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By Alexandra Branscombe
October 22, 2013
Caption : Key points from the United Nations' latest report on climate change.     

Pressure to increase global policy confronting climate change has increased following a newly released report from the United Nations; a report bolstered by its strongest warning to date—climate change is undeniable.

After nearly seven years of following climate change research, the Intergovernmental Panel on Climate Change (IPCC) said that “warming in the climate system is unequivocal.” The report leaves no room for doubt that climate change is happening, with humans contributing to it.

The report lays out several harsh realities. Since 1951, greenhouse gases have contributed to warming of about 0.6°C globally, and warming is likely to reach the critical threshold of 2°C by the end of the 21st century. Consequences of global warming, as laid out in the report, can be seen in the rise of sea levels and drastic changes to the water cycle. Wet regions of the world have increased reports of rainfall, yet dry ecosystems will receive less and less; therefore, adding to the increase in desertification across regions of the globe.

According to its website, the report’s objective “is to provide a comprehensive and robust assessment of the physical science basis of climate change.” It warns that the Earth cannot continue to release the same amount of carbon dioxide as it has historically. To avoid passing the critical threshold of 2°C, we can only emit between 800 to 880 gigatonns of carbon total. (As of 2011, 530 gigatonns were emitted.)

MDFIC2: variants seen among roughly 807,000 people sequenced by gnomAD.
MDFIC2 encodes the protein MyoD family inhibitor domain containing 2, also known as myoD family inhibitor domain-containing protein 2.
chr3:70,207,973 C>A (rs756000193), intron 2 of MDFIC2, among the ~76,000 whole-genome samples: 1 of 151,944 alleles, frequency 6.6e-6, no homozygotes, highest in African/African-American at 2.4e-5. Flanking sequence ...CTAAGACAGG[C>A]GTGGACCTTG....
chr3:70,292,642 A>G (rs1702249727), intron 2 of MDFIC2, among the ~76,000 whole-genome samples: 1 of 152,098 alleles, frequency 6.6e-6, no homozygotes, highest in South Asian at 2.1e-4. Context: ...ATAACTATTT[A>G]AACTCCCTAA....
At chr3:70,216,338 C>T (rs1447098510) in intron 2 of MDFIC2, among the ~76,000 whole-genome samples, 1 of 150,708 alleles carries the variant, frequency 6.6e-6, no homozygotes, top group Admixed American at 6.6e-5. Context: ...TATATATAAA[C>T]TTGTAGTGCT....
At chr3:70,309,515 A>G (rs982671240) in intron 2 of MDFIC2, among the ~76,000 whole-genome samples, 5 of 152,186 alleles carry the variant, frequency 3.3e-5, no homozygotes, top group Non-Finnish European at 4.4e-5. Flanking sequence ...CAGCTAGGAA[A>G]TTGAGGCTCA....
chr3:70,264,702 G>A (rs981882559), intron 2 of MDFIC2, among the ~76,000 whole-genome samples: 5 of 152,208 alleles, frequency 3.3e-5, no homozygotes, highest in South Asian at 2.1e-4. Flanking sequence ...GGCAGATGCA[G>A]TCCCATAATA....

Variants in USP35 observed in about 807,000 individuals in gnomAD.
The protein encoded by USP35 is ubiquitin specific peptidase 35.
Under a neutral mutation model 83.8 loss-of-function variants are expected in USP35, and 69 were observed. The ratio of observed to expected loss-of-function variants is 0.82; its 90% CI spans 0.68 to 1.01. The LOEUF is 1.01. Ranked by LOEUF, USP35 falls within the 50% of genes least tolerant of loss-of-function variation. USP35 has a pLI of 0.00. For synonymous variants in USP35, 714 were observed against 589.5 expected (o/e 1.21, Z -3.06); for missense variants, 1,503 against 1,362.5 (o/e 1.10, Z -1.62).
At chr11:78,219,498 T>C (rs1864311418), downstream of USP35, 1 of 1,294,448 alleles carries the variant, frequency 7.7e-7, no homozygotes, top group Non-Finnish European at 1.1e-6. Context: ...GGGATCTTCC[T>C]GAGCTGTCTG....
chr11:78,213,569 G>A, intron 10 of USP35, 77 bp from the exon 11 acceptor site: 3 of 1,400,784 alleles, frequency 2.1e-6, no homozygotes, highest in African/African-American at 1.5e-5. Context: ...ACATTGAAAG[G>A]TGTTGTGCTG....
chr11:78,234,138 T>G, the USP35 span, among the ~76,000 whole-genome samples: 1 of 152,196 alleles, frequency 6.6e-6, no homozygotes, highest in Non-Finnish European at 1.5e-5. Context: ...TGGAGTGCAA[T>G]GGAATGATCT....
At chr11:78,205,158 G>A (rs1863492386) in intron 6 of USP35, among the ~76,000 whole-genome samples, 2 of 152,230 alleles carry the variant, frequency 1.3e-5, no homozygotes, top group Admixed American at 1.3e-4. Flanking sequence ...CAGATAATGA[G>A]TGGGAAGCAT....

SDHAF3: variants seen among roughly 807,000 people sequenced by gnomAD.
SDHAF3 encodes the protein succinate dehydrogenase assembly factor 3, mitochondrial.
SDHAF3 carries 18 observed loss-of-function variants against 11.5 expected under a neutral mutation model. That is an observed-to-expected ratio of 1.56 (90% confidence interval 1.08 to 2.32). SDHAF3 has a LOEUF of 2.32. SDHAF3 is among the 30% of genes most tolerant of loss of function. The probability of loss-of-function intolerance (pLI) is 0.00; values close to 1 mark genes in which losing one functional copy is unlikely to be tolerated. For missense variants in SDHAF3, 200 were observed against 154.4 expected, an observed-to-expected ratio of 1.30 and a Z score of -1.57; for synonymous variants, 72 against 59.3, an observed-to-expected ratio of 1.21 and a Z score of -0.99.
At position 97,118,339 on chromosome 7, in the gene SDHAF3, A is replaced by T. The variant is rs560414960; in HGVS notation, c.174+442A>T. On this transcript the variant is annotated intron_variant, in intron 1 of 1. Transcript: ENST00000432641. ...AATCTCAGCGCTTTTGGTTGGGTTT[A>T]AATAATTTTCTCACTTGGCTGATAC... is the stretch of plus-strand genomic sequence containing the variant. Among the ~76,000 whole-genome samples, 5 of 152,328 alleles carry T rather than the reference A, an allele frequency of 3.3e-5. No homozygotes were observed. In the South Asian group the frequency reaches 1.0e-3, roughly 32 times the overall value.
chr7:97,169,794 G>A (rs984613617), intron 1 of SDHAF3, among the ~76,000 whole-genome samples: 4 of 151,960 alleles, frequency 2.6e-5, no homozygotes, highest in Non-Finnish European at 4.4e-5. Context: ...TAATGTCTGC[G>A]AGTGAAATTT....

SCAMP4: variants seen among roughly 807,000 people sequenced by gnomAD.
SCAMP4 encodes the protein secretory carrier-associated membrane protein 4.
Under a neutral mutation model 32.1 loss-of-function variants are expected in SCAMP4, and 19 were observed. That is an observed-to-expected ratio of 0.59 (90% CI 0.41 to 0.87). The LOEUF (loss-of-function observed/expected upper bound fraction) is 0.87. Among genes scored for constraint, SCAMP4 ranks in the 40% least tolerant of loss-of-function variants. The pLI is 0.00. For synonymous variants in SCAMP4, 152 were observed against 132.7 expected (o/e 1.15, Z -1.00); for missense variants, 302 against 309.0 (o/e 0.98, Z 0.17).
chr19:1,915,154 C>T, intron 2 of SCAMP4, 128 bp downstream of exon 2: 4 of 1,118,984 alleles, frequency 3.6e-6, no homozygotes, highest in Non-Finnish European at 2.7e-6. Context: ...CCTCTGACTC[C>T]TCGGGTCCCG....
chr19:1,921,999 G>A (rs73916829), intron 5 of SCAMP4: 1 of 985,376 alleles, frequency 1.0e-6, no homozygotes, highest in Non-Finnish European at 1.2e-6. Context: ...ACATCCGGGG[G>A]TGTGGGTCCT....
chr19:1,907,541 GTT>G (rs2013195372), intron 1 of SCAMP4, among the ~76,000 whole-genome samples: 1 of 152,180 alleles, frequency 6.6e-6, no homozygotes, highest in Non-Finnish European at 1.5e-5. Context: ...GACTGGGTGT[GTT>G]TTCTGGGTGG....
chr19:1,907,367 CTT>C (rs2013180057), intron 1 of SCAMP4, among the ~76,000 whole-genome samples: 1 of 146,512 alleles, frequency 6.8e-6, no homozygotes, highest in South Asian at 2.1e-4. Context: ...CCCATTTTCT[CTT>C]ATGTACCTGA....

What would happen if we reach the critical threshold? Even if the world could stay just under a mean temperature increase of 2°C, there will still be radical changes to ecosystems–particularly in those that already experience extreme environments. Exceeding this temperature will negatively impact food production and plant and animal biodiversity

The IPCC report is a part of the scientific foundation for the U.N.’s negotiations for a new climate deal, which could happen by 2015; however, the U.S. and Chinese governments need to be willing to reduce their emissions to a point where it will be beneficial.

The report is based on scientific literature and technical information from thousands of sources, and the final product was written by 209 lead authors and 50 Review Editors from 39 different countries.

Other highlights from the Summary for Policymakers include:

  • Each of the last three decades has been warmer on the Earth’s surface than any preceding decade since 1850.
  • Atmospheric concentrations of greenhouse gases (carbon dioxide, methane, and nitrous oxide) have increased to levels unprecedented in the last 800,000 years.
  • Since pre-industrial times, CO2 concentration in the atmosphere has increased by 40 percent, due to burning fossil fuels.
  • It is extremely likely that more than 50 percent of the warming since 1951 is due to the increase in greenhouse gases and other human activities together.
  • Human influence on the climate system is evident from the increasing greenhouse gas concentrations in the atmosphere, documented warming, and understanding of the climate system.
  • The ocean has absorbed about 30 percent of the emitted anthropogenic carbon dioxide, causing ocean acidification.

The occurrence of climate change, and the cause has gone beyond scientific consensus to global political recognition. This report mounts pressure for governments to support policies with new technologies that prevent a future global catastrophe. The repercussions of climate change aren’t just Minnesota summers becoming as hot as Florida’s; the UN report indicates that warming in the climate system is unequivocal, and it is time for policymakers on all levels of government to recognize this.

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